MOSCOW -- Russian legislators, making a historic update to the Criminal Code, have revoked the law that let czars and Communists alike sentence many of Russia's illustrious sons and daughters -- from Fyodor Dostoevsky to Soviet-era dissidents -- to Siberian exile or banishment.
"This is especially pleasant for me because if events had developed otherwise, I would still have been imprisoned in exile," said Lev Timofeyev, a Moscow human rights activist released in 1987. "Thank God, all my friends are free."
Humanizing the Criminal Code, the Supreme Soviet abolished four types of punishment often used in Russia for cruel ends: exile within the country, banishment from cities like Moscow, forced labor in lieu of incarceration and parole conditioned on fulfilling mandatory, often backbreaking or hazardous jobs.
Asked why, Interior Minister Viktor F. Yerin replied, "Because this is outdated practice."
"We must look real facts in the face," he told reporters. "If a person has served his sentence or part of his sentence and has demonstrated that he has repented and is going to reform, and has drawn conclusions, let us release him and let him go back home and take up a job without the intermediate stage of exile, of living in the backwoods. It is hard on his family, his wife and his children often to go to the place of exile to join him. Who needs all this?"
L Traditionally, the answer was simple -- Russian authorities.
Many of the czar's subjects, and then uncounted numbers of citizens of the Soviet Union, were sent eastward to Siberia or the frigid northern climes of Komi or other wilderness regions as exiles after release from prison.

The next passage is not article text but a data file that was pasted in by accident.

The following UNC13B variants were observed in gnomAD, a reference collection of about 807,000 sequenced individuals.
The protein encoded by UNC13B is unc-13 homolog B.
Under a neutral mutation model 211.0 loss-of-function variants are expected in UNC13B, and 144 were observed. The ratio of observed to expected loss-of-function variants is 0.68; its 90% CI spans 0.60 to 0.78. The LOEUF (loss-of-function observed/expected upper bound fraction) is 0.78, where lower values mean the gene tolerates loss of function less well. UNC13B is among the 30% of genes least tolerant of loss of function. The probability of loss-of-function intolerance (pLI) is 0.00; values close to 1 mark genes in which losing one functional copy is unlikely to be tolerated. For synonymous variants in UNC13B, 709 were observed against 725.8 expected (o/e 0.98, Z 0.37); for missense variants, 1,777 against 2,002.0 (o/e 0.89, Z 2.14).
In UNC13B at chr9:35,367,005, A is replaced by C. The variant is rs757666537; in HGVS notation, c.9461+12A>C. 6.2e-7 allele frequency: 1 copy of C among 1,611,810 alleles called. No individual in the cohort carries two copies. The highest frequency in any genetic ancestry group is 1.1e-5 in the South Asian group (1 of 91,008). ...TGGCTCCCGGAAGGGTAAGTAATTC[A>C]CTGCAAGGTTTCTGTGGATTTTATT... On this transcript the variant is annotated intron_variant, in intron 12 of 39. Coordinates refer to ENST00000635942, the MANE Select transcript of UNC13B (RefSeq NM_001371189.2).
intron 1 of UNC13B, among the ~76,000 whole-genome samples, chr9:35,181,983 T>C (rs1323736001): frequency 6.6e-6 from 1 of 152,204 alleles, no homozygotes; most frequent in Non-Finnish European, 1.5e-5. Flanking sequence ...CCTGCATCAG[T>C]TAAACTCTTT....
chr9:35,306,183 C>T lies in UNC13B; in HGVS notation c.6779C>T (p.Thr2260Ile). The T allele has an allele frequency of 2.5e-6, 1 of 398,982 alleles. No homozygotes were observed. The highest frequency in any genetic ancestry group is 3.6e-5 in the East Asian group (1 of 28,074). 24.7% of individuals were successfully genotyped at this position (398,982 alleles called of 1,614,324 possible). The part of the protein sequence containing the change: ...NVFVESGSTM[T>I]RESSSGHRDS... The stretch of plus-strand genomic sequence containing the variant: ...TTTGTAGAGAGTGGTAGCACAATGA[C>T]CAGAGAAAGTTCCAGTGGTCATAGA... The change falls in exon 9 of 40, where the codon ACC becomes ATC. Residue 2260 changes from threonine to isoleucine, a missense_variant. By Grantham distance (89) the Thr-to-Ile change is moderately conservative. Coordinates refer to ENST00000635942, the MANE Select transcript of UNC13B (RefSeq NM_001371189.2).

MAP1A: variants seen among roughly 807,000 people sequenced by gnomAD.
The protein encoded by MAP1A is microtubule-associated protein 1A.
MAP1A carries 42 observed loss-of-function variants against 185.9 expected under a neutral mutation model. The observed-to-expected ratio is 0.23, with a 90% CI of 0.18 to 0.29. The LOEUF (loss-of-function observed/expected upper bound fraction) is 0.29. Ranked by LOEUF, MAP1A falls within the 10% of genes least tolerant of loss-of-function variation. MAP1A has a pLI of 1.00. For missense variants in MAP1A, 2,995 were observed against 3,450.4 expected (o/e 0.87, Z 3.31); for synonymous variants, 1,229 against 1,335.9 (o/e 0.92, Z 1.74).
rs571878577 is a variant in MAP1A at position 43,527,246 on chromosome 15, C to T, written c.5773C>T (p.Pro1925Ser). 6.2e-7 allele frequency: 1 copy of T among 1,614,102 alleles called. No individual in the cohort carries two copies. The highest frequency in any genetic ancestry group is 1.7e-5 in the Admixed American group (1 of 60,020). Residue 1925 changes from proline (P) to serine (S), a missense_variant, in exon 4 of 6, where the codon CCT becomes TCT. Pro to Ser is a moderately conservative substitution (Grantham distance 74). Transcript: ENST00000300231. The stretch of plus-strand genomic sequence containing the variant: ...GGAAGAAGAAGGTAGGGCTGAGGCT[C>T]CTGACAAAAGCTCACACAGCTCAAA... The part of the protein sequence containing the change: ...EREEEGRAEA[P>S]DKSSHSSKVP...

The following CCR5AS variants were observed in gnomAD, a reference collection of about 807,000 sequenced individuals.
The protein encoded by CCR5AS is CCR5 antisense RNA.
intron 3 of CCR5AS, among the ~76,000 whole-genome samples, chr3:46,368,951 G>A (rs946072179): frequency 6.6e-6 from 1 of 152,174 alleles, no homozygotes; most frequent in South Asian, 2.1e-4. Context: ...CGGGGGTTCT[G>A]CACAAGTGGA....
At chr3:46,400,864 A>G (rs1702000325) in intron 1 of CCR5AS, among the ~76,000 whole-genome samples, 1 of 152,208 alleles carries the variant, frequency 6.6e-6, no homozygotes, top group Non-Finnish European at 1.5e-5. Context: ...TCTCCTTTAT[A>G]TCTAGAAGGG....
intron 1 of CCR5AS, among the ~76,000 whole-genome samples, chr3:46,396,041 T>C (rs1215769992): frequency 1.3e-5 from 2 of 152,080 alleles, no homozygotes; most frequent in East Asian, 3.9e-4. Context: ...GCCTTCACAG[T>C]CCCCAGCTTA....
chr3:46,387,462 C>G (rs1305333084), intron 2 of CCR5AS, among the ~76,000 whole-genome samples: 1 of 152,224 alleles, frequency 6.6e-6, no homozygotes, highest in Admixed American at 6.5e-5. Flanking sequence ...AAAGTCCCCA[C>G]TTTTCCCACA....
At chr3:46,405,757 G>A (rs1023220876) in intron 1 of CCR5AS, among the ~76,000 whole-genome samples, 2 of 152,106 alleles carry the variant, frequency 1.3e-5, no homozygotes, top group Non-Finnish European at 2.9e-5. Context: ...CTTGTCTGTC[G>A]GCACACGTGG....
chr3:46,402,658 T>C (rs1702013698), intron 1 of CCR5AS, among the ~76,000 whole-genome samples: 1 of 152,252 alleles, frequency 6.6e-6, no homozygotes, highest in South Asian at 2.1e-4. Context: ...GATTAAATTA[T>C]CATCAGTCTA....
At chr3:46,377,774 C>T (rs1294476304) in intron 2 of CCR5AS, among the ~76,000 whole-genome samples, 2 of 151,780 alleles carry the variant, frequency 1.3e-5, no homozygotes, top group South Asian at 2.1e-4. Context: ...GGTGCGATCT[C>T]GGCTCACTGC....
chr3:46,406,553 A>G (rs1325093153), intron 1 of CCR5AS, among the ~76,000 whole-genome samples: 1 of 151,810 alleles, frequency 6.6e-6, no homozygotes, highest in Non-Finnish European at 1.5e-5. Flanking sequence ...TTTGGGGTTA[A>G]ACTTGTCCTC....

In the Stalin-era gulag system and later, convicts by the hundreds of thousands were also forced to work in harsh conditions at menial, extremely hazardous jobs, from uranium- or lead-mining to tree felling in the frozen taiga.
To Russians, the system became known as khimia, or "chemistry," since chemical plants producing highly deadly substances like industrial poisons traditionally employed armies of these hapless, unprotected parolees.
Ironically, the lawmakers' decision ending khimia and the other practices including banishment, or not allowing convicts to reside in certain areas after their release, comes as Russia is being overrun by a crime wave of such scale that President Boris N. Yeltsin has called it the No. 1 threat to the interests of the state.